Friday, April 8, 2011
Monday, March 22, 2010
This home was designed for a professional downhill skier, and was appropriately sited - on a tight, wedge-shaped lot at the end of a ridge, land sloping away in all directions. Exciting, right? But the land and designated house site posed plenty of challenges.
The good points?
Orientation - Great southern exposure...and eastern...and western...the peak was in that wedge at the north end of the lot, sloping away to the west, the south, and the east.
Views - We did have views! Views of the ski resort across a small valley to the southwest and south, a stunning view of Crawford Notch to the southeast, and Mt. Washington across a wide open valley looking due east.
Dynamic landscape - The ridge and slopes vary in pitch and are strewn with large boulders and outcroppings of granite. OK, this isn't really a good point, from a construction perspective, but we found it inspiring...
Cool trees - The site was populated with a variety of tall, slender trees, poking up in sharp contrast to the sloping ground and boulders, some perfectly vertical, and others at an angle, flashes of white birch bark, hemlock......I like trees....that will become evident.
The Concept - We devised a scheme consisting of a primary mass containing the private spaces (bedrooms, bathrooms, and garage) which is rooted in the mountain, and a smaller, horizontal mass containing the more public living spaces (kitchen, dining, living, away room) which is cantilevered out over the slope that falls away to the south. A tower element containing the public entrance, and stairs, culminating at a viewing platform, mediates between the two masses.
Seen from the south, on the approach along the road, the home appears organic and unimposing. From the driveway, the home presents a more formal, but still dynamic face, with a dramatic entrance flanked by native, peeled hemlock logs (mirroring the trees on the site), warm natural materials, and angles invoking the surrounding mountains.
On the inside, contemporary post-and-beam framing made from native hemlock and white pine create a warm open-plan living area. The south facing patio doors open onto the cantilevered wood deck and let in the sun's warming rays in the winter.
The living area is anchored by a large stone fireplace and chimney mass, which also creates the warm inglenook in the entry on the opposite side of the stone divider. Bamboo floors throughout the living room are contrasted by natural stone flooring in the entry / inglenook area.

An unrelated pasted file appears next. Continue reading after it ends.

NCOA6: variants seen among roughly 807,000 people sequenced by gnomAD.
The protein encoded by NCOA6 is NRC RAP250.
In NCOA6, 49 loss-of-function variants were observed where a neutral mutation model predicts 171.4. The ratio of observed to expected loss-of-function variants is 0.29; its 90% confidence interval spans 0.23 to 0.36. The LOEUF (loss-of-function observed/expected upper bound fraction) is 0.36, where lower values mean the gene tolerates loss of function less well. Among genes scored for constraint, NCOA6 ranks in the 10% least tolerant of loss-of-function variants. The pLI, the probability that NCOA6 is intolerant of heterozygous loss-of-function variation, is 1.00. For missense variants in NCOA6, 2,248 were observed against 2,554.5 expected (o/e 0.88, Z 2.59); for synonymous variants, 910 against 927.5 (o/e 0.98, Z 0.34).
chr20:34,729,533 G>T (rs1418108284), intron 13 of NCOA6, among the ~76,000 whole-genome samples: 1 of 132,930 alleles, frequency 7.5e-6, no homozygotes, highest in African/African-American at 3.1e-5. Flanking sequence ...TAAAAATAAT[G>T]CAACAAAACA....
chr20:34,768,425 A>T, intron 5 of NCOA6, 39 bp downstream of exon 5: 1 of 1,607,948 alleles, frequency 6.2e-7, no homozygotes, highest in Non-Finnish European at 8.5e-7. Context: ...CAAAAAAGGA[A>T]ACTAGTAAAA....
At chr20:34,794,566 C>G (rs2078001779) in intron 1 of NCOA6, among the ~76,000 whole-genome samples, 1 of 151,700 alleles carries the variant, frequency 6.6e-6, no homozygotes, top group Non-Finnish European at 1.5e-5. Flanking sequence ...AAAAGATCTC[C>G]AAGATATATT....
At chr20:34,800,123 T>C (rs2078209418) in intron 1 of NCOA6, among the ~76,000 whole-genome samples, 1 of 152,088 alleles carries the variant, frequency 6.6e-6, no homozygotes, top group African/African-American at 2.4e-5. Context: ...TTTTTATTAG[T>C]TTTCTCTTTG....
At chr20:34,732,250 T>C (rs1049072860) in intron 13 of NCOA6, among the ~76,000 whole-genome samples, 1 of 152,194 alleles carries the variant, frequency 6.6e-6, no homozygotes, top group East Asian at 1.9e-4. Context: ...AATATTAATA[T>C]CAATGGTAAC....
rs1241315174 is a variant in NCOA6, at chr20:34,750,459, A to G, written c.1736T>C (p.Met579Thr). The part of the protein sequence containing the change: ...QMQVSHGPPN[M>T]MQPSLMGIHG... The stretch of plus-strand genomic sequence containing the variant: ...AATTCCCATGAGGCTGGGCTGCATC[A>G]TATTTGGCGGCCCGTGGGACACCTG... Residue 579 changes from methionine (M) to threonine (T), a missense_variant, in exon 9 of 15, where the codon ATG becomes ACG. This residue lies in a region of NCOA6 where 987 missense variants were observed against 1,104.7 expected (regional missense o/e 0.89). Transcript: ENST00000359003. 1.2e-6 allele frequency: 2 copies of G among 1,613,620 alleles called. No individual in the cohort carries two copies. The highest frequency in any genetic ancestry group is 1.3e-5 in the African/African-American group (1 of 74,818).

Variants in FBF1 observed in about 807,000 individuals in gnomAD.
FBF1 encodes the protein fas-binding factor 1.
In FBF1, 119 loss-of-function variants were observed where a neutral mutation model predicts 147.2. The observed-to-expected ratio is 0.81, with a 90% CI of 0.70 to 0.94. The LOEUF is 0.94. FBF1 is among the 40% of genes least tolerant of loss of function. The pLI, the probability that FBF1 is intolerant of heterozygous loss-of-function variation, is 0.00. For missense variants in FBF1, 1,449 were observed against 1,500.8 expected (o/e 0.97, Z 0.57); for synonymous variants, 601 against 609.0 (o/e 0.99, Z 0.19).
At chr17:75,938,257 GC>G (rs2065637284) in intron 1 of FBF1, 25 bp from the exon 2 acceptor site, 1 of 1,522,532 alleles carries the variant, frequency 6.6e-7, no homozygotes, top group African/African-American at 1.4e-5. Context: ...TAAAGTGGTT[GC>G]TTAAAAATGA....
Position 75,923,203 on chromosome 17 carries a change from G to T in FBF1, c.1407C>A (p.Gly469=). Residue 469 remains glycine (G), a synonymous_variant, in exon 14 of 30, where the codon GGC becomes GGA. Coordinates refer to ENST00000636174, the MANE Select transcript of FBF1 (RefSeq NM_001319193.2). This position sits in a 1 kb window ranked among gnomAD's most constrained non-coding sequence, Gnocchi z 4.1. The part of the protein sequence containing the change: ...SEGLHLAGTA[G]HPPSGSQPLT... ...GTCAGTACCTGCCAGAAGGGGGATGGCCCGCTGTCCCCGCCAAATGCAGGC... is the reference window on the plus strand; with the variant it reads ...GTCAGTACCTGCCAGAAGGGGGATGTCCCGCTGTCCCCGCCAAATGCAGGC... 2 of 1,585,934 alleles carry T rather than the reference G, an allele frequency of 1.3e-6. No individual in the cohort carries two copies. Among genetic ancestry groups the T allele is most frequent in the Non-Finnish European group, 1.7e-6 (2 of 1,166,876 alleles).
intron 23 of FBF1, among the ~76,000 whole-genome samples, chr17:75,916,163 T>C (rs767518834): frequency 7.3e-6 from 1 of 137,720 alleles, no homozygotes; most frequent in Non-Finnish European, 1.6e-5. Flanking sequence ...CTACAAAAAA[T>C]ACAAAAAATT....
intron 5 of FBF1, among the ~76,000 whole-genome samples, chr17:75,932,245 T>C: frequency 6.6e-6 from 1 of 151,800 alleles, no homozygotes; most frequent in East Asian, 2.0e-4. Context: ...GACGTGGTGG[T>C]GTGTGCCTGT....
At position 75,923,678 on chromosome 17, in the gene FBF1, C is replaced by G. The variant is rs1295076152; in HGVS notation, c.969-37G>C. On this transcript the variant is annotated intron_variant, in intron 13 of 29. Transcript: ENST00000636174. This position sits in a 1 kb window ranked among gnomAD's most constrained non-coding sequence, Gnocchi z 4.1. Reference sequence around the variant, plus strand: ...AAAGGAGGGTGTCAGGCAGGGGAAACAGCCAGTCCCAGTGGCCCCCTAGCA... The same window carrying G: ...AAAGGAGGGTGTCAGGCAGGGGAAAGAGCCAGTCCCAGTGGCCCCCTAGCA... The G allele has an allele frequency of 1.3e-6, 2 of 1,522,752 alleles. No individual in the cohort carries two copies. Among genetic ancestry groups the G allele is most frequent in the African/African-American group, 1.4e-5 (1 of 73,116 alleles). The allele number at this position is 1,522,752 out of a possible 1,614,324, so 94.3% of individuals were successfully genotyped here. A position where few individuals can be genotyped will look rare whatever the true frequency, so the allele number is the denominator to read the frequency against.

The "away room" can really go away, or be part of the main living area....just slide the custom-built, movable panels open or closed in any combination you like.
Another tree column (this one maple and specifically selected by the owners) marks the entrance to the private zone, as the bamboo tread, open-riser stair climbs past, to the master suite and the viewing platform above. This stair tower provides natural cooling in the summer, as well as outstanding views.
Green stuff you won't see:
Ground-source heat pumps - Some call it geothermal heating and cooling - instead of burning fossil fuels, in the heating seasons, this home gathers heat energy from groundwater beneath the site using energy efficient heat pumps. In the cooling season, the heat pumps remove heat from inside the home and sink it into the ground, cooling the home.
Solar electric (PV) panels - These are on the south-facing roofs and produce enough electricity to run the heat pumps. This means that heating and cooling the building is carbon-neutral!
Thermal enclosure - Call it the envelope, shell, whatever...what matters is insulation, air-sealing, and minimization of thermal bridges. Here, we used cellulose insulation which is effective at reducing air-movement, is a recycled material, and takes very little energy to create. Our wall framing utilizes horizontal strapping to eliminate thermal bridges and create a thicker wall for more insulation. Air sealing is done with copious amounts of caulk and spray-foam...tedious but very important work.
High-performance windows - Very energy efficient fiberglass windows. High solar-gain on the south, low-e on the east and west. large panels (in the tower) are triple-glazed to minimize heat-loss and condensation on cold winter days.
Natural materials - Cedar siding, bamboo, stone, and ceramic tile floors, wood ceilings, stone counters....no vinyl here!
Natural surroundings - We sought to minimize our impact on the site - containing construction activities and staging to only the area surrounding the foundation excavation, minimal tree cutting, minimal turf-grass, native landscape vegetation, stone elements from site stone, and natural building materials and forms that harmonize with the surroundings. We did a good enough job that a beautiful red fox moved onto the property before the owner moved in!